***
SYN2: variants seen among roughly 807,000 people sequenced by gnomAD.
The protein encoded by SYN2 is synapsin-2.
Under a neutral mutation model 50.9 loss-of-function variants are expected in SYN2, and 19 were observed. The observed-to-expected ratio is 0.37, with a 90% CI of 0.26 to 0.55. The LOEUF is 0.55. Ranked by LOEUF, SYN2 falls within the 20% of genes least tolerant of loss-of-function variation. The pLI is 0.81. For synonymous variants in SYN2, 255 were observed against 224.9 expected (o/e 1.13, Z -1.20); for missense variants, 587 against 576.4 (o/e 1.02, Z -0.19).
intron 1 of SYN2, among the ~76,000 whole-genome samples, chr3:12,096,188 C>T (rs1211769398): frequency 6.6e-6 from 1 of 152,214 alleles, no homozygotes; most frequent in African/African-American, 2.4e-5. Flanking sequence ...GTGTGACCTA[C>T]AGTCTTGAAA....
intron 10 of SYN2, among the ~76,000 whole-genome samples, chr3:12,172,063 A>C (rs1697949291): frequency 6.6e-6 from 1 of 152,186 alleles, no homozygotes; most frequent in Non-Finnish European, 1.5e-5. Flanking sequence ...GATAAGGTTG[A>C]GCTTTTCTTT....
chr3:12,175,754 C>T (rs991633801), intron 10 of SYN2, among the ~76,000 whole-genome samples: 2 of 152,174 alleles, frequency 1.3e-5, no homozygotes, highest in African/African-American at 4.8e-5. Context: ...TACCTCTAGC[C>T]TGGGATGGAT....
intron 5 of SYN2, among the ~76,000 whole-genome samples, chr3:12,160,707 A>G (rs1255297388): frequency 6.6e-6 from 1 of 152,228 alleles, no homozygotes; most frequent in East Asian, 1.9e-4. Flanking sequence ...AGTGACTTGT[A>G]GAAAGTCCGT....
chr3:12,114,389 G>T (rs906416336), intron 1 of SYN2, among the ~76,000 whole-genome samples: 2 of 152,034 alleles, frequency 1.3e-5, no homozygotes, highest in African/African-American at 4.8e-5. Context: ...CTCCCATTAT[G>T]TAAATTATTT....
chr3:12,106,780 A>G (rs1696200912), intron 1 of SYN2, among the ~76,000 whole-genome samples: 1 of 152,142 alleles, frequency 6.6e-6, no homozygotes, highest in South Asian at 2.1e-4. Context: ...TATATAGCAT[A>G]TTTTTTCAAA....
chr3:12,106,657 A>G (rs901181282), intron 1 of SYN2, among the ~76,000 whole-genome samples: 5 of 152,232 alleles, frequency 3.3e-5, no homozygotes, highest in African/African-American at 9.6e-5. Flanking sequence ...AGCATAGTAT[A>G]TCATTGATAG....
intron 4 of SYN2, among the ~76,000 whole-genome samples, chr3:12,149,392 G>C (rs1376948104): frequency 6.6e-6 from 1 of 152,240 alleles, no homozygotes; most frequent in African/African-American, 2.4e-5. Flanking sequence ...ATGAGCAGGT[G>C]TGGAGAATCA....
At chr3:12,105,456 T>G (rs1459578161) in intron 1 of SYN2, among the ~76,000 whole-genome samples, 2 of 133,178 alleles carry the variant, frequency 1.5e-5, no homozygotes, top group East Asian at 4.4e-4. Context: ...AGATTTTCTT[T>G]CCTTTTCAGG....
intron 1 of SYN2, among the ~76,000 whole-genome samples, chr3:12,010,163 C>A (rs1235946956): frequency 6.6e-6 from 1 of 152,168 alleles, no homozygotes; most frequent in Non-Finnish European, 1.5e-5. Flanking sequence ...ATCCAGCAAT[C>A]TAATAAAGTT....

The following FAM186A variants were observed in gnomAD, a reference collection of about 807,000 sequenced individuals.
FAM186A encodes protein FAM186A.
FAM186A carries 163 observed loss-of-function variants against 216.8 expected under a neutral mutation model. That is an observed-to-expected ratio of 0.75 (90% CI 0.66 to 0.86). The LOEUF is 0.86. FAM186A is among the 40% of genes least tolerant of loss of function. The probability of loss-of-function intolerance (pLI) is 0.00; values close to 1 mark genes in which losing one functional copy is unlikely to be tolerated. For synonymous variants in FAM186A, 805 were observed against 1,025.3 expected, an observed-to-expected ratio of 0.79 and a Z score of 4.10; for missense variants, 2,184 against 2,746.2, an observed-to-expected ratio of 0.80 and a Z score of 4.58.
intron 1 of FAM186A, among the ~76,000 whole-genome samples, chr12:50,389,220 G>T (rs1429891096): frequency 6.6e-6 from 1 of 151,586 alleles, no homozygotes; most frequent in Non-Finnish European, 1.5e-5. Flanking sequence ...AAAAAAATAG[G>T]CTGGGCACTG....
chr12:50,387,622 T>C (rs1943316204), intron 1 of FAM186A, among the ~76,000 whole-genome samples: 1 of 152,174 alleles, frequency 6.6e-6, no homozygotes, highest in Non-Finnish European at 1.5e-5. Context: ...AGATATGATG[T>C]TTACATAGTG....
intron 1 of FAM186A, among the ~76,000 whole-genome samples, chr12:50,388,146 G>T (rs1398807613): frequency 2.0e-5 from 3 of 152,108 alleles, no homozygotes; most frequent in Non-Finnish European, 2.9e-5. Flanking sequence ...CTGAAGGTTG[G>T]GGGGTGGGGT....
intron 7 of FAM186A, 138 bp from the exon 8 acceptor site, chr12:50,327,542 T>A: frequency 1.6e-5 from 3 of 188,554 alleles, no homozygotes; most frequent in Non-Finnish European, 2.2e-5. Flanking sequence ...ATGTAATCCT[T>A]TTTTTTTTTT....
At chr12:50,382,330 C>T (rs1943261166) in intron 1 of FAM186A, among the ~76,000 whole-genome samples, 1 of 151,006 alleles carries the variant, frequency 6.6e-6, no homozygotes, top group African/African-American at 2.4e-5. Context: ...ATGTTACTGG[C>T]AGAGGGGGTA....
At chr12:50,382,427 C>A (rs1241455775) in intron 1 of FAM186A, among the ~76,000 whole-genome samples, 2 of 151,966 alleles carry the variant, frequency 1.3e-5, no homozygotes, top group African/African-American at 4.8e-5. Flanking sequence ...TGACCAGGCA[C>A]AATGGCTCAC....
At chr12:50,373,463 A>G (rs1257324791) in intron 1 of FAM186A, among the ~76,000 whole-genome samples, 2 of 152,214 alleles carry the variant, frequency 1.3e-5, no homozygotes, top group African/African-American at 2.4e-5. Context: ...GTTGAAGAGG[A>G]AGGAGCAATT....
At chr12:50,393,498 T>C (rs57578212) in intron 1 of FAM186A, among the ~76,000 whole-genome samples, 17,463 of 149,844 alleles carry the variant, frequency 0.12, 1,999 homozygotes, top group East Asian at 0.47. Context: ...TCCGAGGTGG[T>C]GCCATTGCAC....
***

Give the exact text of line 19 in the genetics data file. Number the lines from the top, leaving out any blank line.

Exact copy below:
intron 1 of FAM186A, among the ~76,000 whole-genome samples, chr12:50,388,146 G>T (rs1398807613): frequency 2.0e-5 from 3 of 152,108 alleles, no homozygotes; most frequent in Non-Finnish European, 2.9e-5. Flanking sequence ...CTGAAGGTTG[G>T]GGGGTGGGGT....